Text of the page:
Discuss things that may be a bit daunting about the new school environment and how they might deal with these. Highlight which school staff are in their support network and how to find them. Familiarise them with the plan of the school site. Getting lost trying to find a lesson and being late can lead to angst.

Look at the school joining information together. Encourage them to get involved in extra-curricular activities from the outset. These are excellent opportunities to build friendships quickly.

Give small experiences of independence over the summer so they become resilient, able to think on their feet and have the skills to resolve problems themselves.

Instigating some of the above in the next couple of weeks, may make parents a little less anxious when September arrives, all too soon.

For advice on choosing the right school please give us a call on 01865 522066 or visit our website

Securing a #work placement - a few tips for students

It was with a sense of relief that I heard this week that my niece has finally secured a work placement, to gain invaluable experience in the work place, before resuming the final year of her degree course in 2014. A recent review of her numerous un-successful applications helped address where things were perhaps going wrong.  I hope sharing these may help others in a similar position.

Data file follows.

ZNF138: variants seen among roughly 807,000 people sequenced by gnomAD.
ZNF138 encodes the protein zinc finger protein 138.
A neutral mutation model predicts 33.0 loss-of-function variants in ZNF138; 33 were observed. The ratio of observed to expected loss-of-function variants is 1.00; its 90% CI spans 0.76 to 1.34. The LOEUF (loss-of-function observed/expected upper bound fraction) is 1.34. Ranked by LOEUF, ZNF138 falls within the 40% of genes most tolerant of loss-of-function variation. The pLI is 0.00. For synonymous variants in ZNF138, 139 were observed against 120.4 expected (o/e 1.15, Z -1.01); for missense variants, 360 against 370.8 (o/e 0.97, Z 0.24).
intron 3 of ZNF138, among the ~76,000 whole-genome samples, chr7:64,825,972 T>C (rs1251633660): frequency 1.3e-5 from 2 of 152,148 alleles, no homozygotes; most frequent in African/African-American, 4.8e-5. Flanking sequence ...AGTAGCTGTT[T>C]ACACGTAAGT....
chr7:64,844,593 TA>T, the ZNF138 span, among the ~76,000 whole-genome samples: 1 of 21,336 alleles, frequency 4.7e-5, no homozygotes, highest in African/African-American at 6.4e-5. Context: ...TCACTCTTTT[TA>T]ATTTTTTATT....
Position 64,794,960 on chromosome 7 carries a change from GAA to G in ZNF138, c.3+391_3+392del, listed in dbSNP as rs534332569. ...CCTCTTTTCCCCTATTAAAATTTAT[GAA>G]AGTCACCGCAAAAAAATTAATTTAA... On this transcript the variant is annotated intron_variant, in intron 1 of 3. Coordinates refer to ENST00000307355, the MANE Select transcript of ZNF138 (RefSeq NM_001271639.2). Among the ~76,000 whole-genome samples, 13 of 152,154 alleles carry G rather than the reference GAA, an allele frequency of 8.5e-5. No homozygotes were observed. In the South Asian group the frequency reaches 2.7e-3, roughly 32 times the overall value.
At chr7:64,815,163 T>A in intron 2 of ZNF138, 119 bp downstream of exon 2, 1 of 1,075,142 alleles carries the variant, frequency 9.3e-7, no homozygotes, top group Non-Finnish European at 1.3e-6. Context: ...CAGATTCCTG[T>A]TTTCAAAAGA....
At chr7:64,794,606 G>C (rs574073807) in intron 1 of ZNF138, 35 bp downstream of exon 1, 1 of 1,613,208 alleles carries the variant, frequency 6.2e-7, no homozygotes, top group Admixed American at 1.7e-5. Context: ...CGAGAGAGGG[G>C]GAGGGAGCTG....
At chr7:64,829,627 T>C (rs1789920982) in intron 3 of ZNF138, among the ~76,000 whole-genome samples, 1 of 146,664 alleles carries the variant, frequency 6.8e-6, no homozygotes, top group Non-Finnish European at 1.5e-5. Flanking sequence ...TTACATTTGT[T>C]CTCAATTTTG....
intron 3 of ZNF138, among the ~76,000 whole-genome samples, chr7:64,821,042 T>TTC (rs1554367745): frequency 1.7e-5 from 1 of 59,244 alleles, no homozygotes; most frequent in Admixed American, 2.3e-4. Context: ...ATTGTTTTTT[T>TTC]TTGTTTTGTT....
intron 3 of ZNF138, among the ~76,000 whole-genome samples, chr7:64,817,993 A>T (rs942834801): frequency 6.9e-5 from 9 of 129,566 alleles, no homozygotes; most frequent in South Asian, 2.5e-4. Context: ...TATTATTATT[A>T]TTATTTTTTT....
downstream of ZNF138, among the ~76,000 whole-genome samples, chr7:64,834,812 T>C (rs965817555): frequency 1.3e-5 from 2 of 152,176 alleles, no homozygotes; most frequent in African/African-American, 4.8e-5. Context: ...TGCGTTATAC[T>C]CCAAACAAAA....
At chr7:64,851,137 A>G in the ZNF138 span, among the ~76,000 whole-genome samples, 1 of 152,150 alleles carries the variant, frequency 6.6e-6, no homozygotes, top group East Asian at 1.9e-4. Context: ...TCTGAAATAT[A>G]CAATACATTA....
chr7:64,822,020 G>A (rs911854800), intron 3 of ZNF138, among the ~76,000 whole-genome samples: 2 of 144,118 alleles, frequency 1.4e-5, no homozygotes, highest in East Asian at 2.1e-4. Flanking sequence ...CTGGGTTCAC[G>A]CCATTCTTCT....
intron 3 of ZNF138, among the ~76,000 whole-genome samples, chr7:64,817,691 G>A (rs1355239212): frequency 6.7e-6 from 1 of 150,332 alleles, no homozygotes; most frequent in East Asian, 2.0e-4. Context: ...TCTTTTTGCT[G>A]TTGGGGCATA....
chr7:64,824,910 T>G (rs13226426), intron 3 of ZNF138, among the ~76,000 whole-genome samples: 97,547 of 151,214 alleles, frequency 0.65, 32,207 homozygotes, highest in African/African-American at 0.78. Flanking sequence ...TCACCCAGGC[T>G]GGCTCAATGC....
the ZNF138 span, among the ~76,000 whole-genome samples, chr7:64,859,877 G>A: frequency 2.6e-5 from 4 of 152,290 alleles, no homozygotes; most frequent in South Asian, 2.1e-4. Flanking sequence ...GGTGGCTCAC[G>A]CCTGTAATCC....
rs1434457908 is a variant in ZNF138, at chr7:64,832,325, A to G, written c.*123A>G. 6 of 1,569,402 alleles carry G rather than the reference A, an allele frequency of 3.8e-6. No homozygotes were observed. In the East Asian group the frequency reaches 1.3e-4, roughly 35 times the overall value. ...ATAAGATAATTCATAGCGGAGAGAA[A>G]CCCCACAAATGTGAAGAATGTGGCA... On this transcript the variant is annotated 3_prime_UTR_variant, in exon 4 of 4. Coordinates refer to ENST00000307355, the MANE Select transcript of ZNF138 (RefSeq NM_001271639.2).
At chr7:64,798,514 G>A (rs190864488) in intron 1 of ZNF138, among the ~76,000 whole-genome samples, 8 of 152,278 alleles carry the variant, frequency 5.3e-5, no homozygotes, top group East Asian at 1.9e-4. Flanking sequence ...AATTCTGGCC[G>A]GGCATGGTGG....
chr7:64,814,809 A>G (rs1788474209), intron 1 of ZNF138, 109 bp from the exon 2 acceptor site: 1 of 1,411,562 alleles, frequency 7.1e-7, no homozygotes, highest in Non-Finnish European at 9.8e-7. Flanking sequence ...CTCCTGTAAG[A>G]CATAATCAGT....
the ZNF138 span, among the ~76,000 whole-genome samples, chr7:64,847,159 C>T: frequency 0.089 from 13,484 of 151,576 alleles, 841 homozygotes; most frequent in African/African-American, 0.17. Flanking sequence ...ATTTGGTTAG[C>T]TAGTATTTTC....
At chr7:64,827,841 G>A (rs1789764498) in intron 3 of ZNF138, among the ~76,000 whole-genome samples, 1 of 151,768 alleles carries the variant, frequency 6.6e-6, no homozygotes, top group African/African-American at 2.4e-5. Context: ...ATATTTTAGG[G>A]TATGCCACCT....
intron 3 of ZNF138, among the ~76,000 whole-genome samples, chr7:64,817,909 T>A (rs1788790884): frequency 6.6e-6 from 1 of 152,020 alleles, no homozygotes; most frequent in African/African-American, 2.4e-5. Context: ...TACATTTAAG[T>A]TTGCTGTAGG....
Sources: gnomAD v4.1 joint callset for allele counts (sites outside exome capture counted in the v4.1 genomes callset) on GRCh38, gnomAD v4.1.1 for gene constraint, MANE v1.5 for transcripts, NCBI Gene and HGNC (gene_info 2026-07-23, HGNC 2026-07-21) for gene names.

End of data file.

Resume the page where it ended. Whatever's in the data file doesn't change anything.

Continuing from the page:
Applications should demonstrate time has been spent researching the company and a keen interest in what they do. They should be addressed personally to the relevant individual, be clear, to the point, spelt and formatted accurately. Beware ‘copy and paste.’ An application letter with CV will give a better impression than an email unless the latter is requested.

Within the letter, emphasise a reliable, committed approach to working hard and that you are willing to make a contribution via mundane tasks such as filing, photo-coping, making tea or data entry, in exchange for the opportunity to learn and utilise new skills. Spending time in the work-place builds valuable experience and transferable skills no matter what tasks are undertaken on a daily basis. Work will not always be exciting and getting used to the varied demands of 9 to 5 will be beneficial later. Prove yourself indispensable by being very good at basic tasks, which support the effectiveness of the company as a whole and this will undoubtedly lead to other opportunities.